THE central message from Bank of England governor Mark Carney seems to be that recovery is taking hold, but that no-one should expect it to gain any real traction any time soon.
His first public speech was littered with assurances that Britain was on track to grow, but dangers lurked that could halt or slow down its progress.
Growth prospects, he said, were “solid, not stellar”. Unemployment would come down, but not as quickly as markets expect, and would require “a great many jobs” to achieve the 7 per cent unemployment target.
Much of his speech outlined what we already know or have been told to expect – that interest rates will remain low until that unemployment target is reached – but yesterday in his maiden address he emphasised that rates will only rise if conditions allow. What he is most concerned about is choking off recovery by raising rates too soon.
Beyond that he may have had the markets’ adverse reaction to his forward guidance in mind when he spoke of the option for further stimulus. But he offered no specifics.
At least he presented reassurances that the forward guidance gave some certainty about where the economy is headed and what measures the Bank is prepared to take to get it there.
By this process Carney wants to inject more confidence in monetary policy, though he is leaving enough wiggle room to switch horses if conditions should change. That should allow him to be more fleet of foot than his predecessor, who missed the early signals in the banking crisis.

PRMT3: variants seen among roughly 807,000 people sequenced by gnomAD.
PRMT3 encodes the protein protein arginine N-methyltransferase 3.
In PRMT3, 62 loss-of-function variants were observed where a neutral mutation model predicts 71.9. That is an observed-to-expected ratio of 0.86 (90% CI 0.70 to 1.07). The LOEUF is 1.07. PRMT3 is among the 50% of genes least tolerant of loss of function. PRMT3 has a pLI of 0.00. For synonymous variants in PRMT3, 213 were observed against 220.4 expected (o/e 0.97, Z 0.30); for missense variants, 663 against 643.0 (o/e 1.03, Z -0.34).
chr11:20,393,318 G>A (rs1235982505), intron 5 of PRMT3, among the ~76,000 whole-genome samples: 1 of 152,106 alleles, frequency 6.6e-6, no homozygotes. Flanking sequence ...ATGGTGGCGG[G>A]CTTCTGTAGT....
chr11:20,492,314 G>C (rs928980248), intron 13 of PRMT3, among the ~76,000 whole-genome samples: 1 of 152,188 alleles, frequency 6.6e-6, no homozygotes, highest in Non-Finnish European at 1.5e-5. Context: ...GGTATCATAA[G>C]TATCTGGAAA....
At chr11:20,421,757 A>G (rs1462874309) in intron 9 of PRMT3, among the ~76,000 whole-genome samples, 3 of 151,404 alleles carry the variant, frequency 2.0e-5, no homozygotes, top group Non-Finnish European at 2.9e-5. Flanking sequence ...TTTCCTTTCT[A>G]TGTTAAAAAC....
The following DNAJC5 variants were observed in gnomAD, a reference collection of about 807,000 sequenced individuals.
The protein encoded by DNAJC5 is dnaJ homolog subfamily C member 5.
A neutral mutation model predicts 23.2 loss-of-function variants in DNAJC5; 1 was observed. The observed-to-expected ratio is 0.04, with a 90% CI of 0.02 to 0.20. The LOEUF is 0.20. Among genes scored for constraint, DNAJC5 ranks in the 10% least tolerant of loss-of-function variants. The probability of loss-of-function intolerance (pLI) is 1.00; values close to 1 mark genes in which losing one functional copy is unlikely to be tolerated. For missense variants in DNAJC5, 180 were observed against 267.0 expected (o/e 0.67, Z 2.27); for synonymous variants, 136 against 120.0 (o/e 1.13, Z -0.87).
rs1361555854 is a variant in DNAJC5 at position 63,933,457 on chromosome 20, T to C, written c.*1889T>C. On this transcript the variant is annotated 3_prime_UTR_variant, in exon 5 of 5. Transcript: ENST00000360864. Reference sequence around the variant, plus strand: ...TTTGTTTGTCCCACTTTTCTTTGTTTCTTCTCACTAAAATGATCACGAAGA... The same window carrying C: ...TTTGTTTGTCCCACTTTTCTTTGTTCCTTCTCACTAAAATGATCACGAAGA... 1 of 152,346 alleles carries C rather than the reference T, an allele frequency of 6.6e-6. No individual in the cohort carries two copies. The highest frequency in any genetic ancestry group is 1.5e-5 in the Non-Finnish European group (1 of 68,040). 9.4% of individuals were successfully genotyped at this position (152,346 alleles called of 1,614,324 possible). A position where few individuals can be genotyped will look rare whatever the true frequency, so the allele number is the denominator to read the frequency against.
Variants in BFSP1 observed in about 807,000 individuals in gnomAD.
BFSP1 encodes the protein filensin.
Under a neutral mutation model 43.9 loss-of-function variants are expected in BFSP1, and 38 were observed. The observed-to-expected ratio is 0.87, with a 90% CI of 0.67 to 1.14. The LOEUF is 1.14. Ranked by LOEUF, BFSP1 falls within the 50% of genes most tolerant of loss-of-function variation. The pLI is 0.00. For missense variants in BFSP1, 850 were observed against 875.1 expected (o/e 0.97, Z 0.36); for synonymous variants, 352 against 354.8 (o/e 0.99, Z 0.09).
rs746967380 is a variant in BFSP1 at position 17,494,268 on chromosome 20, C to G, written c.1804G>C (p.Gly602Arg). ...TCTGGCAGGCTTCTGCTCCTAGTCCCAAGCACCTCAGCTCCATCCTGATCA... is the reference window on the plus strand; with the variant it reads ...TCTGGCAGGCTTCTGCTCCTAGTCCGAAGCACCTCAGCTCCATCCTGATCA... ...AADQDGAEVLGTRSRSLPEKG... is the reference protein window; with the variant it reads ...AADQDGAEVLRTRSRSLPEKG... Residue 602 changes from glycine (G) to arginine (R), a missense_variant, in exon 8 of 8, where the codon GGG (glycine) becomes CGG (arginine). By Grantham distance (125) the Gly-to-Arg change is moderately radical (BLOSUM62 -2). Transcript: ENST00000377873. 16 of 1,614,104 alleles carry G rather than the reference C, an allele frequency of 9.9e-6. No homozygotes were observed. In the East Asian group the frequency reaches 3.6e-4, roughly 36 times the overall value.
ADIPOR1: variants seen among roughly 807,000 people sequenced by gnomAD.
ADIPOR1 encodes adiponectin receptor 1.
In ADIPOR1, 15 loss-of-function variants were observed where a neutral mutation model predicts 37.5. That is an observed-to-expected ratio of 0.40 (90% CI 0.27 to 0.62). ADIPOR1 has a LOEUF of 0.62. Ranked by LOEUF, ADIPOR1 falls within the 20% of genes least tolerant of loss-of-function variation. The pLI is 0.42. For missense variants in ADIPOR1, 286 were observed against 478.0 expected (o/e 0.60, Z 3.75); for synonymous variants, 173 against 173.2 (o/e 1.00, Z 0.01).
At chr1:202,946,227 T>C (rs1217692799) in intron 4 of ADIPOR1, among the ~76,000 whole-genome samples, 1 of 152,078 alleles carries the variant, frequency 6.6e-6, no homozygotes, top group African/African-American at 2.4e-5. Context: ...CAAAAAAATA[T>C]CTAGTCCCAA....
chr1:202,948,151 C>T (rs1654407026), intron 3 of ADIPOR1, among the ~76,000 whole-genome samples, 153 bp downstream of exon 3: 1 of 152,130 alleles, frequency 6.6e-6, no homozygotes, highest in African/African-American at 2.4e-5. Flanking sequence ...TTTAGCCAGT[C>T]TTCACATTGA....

Syrian crisis risks destabilising markets
WHILE the Bank of England tries to steer the economy along a more certain path, the politicians are being distracted by more potential instability over the Syrian crisis.
Markets, already in bearish mode as a result of hints that the US would begin to withdraw quantitative easing, have been spooked by threats of military intervention by the West following the Syrian regime’s chemical attack on its own people.
Equities have fallen across various bourses while investors looking for safer places to lock up their money have driven up gold prices. Oil has also risen and could hit $125 a barrel if tensions continue to mount and threaten to disrupt supplies.
The initial market response may have been overdone, but these are difficult times for markets. Investors can expect some volatility in the days ahead.
Women business angels doing it for themselves
ANOTHER victory was secured for Scottish businesswomen at yesterday’s launch of a group that will bring together female angels.
At present, only two in 100 business angels are women, a pitifully small number, but one that those behind Investing Women are determined to change.
The body itself is an example of positive discrimination, with females being preferred as investors and recipients, but it is probably justified if it results in a more gender-balanced support network for up-and-coming entrepreneurs.
It properly takes off in January, though some early investments are likely before then and it will be particularly interesting to see what sort of businesses get funding and what sort of gems they can unearth. After all, a woman’s instinct is a worthwhile asset in itself.